Riverside County Supervisor Jeff Stone said they weren’t concerned about the people on the buses. “It’s the thousands more that will follow that will strain our resources and take away the resources we need to care for our own citizens,” he said.

In recent months, thousands of children and families have fled violence, murders and extortion from criminal gangs in Guatemala, El Salvador and Honduras. Since October, more than 52,000 unaccompanied children have been detained.

The crunch on the border in Texas’ Rio Grande Valley prompted U.S. authorities to fly immigrant families to other Texas cities and to Southern California for processing.

The Border Patrol is coping with excess capacity across the Southwest, and cities’ responses to the arriving immigrants have ranged from welcoming to indifferent.

In the border town of El Centro, a flight arrived Wednesday without protest.

In Nogales, Arizona, the mayor has said he welcomes the hundreds of children who are being dropped off daily at a large Border Patrol warehouse. Residents have donated clothing and other items for them.

In New Mexico, however, residents have been less enthusiastic.

At a town hall meeting this week, residents in Artesia spoke out against a detention center that recently started housing immigrants. They said they were afraid the immigrants would take jobs and resources from U.S. citizens.

The Associated Press

The Associated Press

LEAVE A COMMENT

Discussion | 5 comments

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  • Tax PayerJuly 05, 2014 - 5:22 am

    I believe you should drop them off in Washington DC and put up shelters on the White House lawn!

    Reply | Report abusive comment
  • TweetsJuly 05, 2014 - 8:00 am

    This is the best idea I've heard so far !!

    Reply | Report abusive comment
  • Dave ShreeveJuly 05, 2014 - 9:08 am

    The AP's bias strikes again, as well as the DR's lack of editing same for fairness and accuracy. Nowhere in the article does it mention that they are protesting against ILLEGAL immigrants, not legal immigrants. The AP never bothers to mention that these are ILLEGAL immigrants streaming across the border. The AP also never mentions that the Mexican government is apparently helping to get these people up to the border, nor that there is advertising in Central America telling people that sending their kids up to the states that they will not be deported and can then send for the rest of the family to join them. Also not mentioned is the large numbers of gang members coming up from Central America along with the numerous diseases they have been carrying. Nor is it mentioned that the current administration knew about this influx before hand. Why else would they be letting out contracts for buses to transport up to 65000 people back in January?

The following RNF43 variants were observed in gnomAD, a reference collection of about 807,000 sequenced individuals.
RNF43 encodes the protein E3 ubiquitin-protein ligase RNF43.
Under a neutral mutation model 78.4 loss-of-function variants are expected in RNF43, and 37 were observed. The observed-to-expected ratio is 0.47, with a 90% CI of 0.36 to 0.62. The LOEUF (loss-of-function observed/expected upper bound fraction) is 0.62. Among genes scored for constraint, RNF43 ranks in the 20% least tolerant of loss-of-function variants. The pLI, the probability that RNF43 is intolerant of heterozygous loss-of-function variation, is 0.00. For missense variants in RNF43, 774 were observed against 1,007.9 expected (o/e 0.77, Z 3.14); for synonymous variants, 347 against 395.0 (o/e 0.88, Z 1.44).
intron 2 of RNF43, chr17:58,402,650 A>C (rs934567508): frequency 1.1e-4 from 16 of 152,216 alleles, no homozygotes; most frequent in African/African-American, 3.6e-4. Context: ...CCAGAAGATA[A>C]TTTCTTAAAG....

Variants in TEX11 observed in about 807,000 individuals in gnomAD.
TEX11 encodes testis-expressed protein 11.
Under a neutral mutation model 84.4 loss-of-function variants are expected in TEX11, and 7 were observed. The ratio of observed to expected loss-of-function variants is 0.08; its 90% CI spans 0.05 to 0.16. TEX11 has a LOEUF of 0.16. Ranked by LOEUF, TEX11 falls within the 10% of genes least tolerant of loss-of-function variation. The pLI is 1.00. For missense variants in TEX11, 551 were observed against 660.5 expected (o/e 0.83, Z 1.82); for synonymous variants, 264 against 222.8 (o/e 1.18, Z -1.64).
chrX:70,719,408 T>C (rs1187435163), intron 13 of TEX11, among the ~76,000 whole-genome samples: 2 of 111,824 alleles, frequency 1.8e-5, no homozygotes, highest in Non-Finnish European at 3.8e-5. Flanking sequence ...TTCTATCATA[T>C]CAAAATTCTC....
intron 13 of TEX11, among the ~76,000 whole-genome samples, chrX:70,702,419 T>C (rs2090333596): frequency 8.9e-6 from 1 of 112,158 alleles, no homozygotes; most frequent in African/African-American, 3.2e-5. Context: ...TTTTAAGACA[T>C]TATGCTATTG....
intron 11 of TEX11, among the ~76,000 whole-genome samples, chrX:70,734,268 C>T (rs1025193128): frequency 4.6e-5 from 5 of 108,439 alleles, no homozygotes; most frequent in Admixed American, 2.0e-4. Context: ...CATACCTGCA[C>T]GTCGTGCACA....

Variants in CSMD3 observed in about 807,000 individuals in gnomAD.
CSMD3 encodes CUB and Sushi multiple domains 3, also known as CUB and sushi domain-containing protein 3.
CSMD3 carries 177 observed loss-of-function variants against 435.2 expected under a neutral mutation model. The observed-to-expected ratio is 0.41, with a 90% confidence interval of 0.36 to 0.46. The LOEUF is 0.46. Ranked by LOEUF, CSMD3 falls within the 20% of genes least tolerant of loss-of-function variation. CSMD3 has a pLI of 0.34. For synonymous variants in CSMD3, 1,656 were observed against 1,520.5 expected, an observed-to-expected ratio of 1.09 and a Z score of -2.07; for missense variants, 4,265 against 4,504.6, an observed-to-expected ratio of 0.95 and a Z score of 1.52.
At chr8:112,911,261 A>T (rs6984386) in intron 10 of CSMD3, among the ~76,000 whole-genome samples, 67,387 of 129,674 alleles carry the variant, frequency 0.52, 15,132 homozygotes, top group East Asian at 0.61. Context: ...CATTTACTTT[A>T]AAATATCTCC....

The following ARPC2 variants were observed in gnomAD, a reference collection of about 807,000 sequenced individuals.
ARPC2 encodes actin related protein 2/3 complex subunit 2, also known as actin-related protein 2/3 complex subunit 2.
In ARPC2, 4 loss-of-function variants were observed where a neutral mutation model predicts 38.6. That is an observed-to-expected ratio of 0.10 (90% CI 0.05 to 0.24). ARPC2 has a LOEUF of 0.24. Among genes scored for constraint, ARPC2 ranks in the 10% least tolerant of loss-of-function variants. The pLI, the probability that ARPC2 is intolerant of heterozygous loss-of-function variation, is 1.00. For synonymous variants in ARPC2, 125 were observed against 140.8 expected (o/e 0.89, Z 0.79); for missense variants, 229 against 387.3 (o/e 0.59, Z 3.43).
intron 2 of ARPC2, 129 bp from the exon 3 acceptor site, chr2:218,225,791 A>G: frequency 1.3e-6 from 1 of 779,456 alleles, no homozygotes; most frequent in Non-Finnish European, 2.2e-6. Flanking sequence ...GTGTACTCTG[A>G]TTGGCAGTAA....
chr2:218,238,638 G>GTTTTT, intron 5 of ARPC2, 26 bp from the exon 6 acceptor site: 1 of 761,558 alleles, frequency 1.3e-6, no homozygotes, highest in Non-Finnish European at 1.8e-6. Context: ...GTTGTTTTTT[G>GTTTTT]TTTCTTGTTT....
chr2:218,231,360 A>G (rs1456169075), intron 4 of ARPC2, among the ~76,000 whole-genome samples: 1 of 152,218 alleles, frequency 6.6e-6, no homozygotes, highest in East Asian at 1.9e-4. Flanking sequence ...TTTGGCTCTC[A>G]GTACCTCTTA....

Reply | Report abusive comment
  • JimboJuly 05, 2014 - 10:27 am

    Anti-immigrant crowd has got to be some of the dumbest people on the planet. They are blocking busses that are in the process of deporting people back to their home countries.

    Reply | Report abusive comment
  • We are here to stayJuly 05, 2014 - 5:29 pm

    Look the way i see it the people that dont want us here are stupid, we are always gona b here, we come to work and do the jobs that are most needed and that white people wont do. And they are the first to complain.

    Reply | Report abusive comment